"According to the most recent and convincing scholarship, it was not the case, as the man in the street seems to have believed at the time, and as Englishmen and others were to write later, that the European world of June 1914 was a sort of Eden in which the outbreak of hostilities among major powers came as a surprise. On the contrary, as its political and military elites recognized, Europe was in the grip of an unprecedented arms race; internally the powers were victims of violent social, industrial, and political strife; and general staffs chattered constantly, not about whether there would be war, but where and when."
—David Fromkin, Europe’s Last Summer: Who Started the Great War in 1914?
"Whatever the intentions which underlay it, German policy in the crisis of July 1914 must rank as one of the great disasters of world history. The leaders of arguably the most successful country in Europe, a country bursting with energy, boasting a young and dynamic population and an economy second to none, a country whose army, whose administration, whose scientific and artistic achievements were the envy of the world, took decisions which plunged it and the other powers into a ghastly war in which almost ten million men lost their lives, the old internal and international order was forever destroyed, and popular hatreds were released which were to poison public life for generations to come"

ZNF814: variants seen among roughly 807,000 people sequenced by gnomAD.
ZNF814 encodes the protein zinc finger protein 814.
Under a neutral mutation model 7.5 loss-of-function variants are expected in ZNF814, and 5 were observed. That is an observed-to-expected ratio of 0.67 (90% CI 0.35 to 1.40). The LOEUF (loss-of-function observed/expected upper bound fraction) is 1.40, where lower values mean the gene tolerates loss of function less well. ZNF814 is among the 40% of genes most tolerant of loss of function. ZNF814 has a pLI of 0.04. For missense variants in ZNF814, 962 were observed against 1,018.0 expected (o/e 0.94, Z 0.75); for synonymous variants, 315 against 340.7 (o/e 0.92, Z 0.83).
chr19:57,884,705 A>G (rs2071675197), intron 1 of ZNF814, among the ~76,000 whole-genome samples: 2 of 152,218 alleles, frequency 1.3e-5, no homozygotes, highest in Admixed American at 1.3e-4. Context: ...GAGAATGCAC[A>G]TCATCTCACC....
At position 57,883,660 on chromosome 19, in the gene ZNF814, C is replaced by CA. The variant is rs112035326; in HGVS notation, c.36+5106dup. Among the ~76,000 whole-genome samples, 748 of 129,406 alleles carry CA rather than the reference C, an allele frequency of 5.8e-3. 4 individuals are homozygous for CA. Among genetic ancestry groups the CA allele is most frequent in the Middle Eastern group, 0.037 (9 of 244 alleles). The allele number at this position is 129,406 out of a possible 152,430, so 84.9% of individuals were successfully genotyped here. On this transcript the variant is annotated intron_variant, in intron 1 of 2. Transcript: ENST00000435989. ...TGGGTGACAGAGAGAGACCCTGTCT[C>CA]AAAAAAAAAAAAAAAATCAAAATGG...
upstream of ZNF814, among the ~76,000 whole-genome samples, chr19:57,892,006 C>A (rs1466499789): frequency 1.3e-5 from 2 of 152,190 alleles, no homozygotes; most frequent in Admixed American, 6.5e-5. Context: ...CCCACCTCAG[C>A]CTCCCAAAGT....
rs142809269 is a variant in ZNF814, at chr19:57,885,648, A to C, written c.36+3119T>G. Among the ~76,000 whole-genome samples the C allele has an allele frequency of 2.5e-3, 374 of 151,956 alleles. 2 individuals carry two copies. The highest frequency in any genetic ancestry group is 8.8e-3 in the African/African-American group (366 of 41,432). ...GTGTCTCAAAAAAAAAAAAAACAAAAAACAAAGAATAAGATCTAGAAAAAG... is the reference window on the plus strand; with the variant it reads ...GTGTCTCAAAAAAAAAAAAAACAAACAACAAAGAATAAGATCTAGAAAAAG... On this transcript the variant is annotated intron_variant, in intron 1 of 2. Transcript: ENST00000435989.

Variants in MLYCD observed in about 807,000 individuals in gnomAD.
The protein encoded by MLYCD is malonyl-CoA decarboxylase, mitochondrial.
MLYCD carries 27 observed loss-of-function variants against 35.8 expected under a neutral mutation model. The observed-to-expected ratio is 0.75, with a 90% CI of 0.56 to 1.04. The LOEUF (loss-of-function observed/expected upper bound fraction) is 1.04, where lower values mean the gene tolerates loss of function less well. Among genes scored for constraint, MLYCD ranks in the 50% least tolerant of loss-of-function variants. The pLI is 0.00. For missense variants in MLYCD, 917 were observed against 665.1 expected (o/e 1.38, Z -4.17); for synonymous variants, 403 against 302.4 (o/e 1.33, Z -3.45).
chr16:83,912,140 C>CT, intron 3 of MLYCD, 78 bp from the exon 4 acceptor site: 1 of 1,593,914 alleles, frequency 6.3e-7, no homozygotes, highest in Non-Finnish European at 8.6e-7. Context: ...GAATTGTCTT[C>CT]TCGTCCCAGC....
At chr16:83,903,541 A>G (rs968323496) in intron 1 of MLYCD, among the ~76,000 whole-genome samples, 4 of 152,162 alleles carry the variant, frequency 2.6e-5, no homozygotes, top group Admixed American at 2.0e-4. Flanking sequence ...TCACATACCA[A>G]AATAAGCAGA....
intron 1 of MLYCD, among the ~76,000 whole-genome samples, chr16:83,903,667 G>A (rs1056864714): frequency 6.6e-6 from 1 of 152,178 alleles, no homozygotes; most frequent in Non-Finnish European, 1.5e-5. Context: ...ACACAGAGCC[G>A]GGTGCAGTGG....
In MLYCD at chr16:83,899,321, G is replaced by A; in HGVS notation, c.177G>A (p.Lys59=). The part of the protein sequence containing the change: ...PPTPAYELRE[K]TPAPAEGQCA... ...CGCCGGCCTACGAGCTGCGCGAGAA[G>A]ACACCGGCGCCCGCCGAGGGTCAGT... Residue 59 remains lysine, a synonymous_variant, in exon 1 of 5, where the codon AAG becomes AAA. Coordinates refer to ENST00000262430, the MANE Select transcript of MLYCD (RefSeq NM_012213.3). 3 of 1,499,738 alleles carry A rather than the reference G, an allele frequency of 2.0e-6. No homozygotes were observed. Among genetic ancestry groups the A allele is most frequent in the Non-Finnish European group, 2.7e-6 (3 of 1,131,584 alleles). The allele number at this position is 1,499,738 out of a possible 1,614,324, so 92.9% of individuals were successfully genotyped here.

—John Röhl, "Germany," in Decisions for War, 1914, ed. Keith Wilson
Barbara Tuchman's book on the origins of World War I is one of the best works of history I have ever read. It has been a huge success since its publication in 1962. It has sold millions of copies and was on the New York Times bestseller list for one whole year. (WHF)
The Guns of August,
Series: Modern Library 100 Best Nonfiction Books,
Random House Trade Paperbacks; Reprint edition (March 8, 1994),
These two books from Fromkin and Clark are both brilliant renditions of the conditions that led to World War I. And they give you two different views of the buildup to the conflict. Fromkin says that everyone knew what they were doing. Clark says they "sleepwalked into it."
Europe's Last Summer: Why the World Went to War in 1914,
Vintage Books USA,
The Sleepwalkers: How Europe Went to War in 1914,
Harper Perennial; Reprint edition (March 18, 2014),
The best overall study of rivalry between European powers during this time:
Alan J. P. Taylor,
The Struggle for Mastery in Europe: 1848-1918,
Oxford University Press,
A J Taylor,
The First World War: An Illustrated History,